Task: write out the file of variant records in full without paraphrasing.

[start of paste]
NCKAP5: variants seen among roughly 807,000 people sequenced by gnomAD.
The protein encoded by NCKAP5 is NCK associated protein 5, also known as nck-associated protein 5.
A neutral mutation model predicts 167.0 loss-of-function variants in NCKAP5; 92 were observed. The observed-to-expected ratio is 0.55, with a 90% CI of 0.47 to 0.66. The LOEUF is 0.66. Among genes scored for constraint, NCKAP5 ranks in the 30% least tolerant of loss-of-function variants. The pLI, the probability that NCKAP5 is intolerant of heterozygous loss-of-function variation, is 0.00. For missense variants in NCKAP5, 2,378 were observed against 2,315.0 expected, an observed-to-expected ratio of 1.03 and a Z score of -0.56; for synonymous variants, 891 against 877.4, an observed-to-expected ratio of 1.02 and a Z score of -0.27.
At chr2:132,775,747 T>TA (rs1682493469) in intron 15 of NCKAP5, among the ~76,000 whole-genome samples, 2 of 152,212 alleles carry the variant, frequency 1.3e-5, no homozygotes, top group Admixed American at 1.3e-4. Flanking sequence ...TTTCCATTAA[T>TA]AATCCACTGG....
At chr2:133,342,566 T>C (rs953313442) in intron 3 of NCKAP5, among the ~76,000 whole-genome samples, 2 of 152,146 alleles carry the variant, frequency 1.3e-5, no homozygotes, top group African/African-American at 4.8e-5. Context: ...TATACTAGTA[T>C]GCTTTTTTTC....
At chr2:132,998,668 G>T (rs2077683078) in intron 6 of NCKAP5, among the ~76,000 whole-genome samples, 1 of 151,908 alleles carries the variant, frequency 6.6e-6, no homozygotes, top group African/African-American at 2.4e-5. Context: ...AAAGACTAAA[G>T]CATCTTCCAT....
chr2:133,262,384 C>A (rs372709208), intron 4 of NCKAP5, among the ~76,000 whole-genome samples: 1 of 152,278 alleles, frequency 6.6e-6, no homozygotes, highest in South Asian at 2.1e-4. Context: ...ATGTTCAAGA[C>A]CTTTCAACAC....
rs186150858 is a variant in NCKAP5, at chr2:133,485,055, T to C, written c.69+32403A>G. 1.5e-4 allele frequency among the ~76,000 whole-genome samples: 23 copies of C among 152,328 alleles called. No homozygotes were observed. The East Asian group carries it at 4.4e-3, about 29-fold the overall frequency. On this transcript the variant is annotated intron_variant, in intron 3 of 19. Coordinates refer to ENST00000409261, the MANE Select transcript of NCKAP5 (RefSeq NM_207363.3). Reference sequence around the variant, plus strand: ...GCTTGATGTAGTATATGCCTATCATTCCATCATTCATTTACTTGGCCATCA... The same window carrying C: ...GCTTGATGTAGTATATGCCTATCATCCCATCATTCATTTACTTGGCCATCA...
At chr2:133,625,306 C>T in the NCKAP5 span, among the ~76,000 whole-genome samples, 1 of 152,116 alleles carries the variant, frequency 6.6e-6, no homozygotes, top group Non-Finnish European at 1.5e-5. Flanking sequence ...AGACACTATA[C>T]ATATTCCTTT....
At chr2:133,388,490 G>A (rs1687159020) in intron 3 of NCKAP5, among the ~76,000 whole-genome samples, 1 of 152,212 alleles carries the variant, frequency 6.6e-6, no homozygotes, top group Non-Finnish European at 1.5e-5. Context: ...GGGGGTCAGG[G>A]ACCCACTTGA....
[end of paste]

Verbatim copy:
NCKAP5: variants seen among roughly 807,000 people sequenced by gnomAD.
The protein encoded by NCKAP5 is NCK associated protein 5, also known as nck-associated protein 5.
A neutral mutation model predicts 167.0 loss-of-function variants in NCKAP5; 92 were observed. The observed-to-expected ratio is 0.55, with a 90% CI of 0.47 to 0.66. The LOEUF is 0.66. Among genes scored for constraint, NCKAP5 ranks in the 30% least tolerant of loss-of-function variants. The pLI, the probability that NCKAP5 is intolerant of heterozygous loss-of-function variation, is 0.00. For missense variants in NCKAP5, 2,378 were observed against 2,315.0 expected, an observed-to-expected ratio of 1.03 and a Z score of -0.56; for synonymous variants, 891 against 877.4, an observed-to-expected ratio of 1.02 and a Z score of -0.27.
At chr2:132,775,747 T>TA (rs1682493469) in intron 15 of NCKAP5, among the ~76,000 whole-genome samples, 2 of 152,212 alleles carry the variant, frequency 1.3e-5, no homozygotes, top group Admixed American at 1.3e-4. Flanking sequence ...TTTCCATTAA[T>TA]AATCCACTGG....
At chr2:133,342,566 T>C (rs953313442) in intron 3 of NCKAP5, among the ~76,000 whole-genome samples, 2 of 152,146 alleles carry the variant, frequency 1.3e-5, no homozygotes, top group African/African-American at 4.8e-5. Context: ...TATACTAGTA[T>C]GCTTTTTTTC....
At chr2:132,998,668 G>T (rs2077683078) in intron 6 of NCKAP5, among the ~76,000 whole-genome samples, 1 of 151,908 alleles carries the variant, frequency 6.6e-6, no homozygotes, top group African/African-American at 2.4e-5. Context: ...AAAGACTAAA[G>T]CATCTTCCAT....
chr2:133,262,384 C>A (rs372709208), intron 4 of NCKAP5, among the ~76,000 whole-genome samples: 1 of 152,278 alleles, frequency 6.6e-6, no homozygotes, highest in South Asian at 2.1e-4. Context: ...ATGTTCAAGA[C>A]CTTTCAACAC....
rs186150858 is a variant in NCKAP5, at chr2:133,485,055, T to C, written c.69+32403A>G. 1.5e-4 allele frequency among the ~76,000 whole-genome samples: 23 copies of C among 152,328 alleles called. No homozygotes were observed. The East Asian group carries it at 4.4e-3, about 29-fold the overall frequency. On this transcript the variant is annotated intron_variant, in intron 3 of 19. Coordinates refer to ENST00000409261, the MANE Select transcript of NCKAP5 (RefSeq NM_207363.3). Reference sequence around the variant, plus strand: ...GCTTGATGTAGTATATGCCTATCATTCCATCATTCATTTACTTGGCCATCA... The same window carrying C: ...GCTTGATGTAGTATATGCCTATCATCCCATCATTCATTTACTTGGCCATCA...
At chr2:133,625,306 C>T in the NCKAP5 span, among the ~76,000 whole-genome samples, 1 of 152,116 alleles carries the variant, frequency 6.6e-6, no homozygotes, top group Non-Finnish European at 1.5e-5. Flanking sequence ...AGACACTATA[C>T]ATATTCCTTT....
At chr2:133,388,490 G>A (rs1687159020) in intron 3 of NCKAP5, among the ~76,000 whole-genome samples, 1 of 152,212 alleles carries the variant, frequency 6.6e-6, no homozygotes, top group Non-Finnish European at 1.5e-5. Context: ...GGGGGTCAGG[G>A]ACCCACTTGA....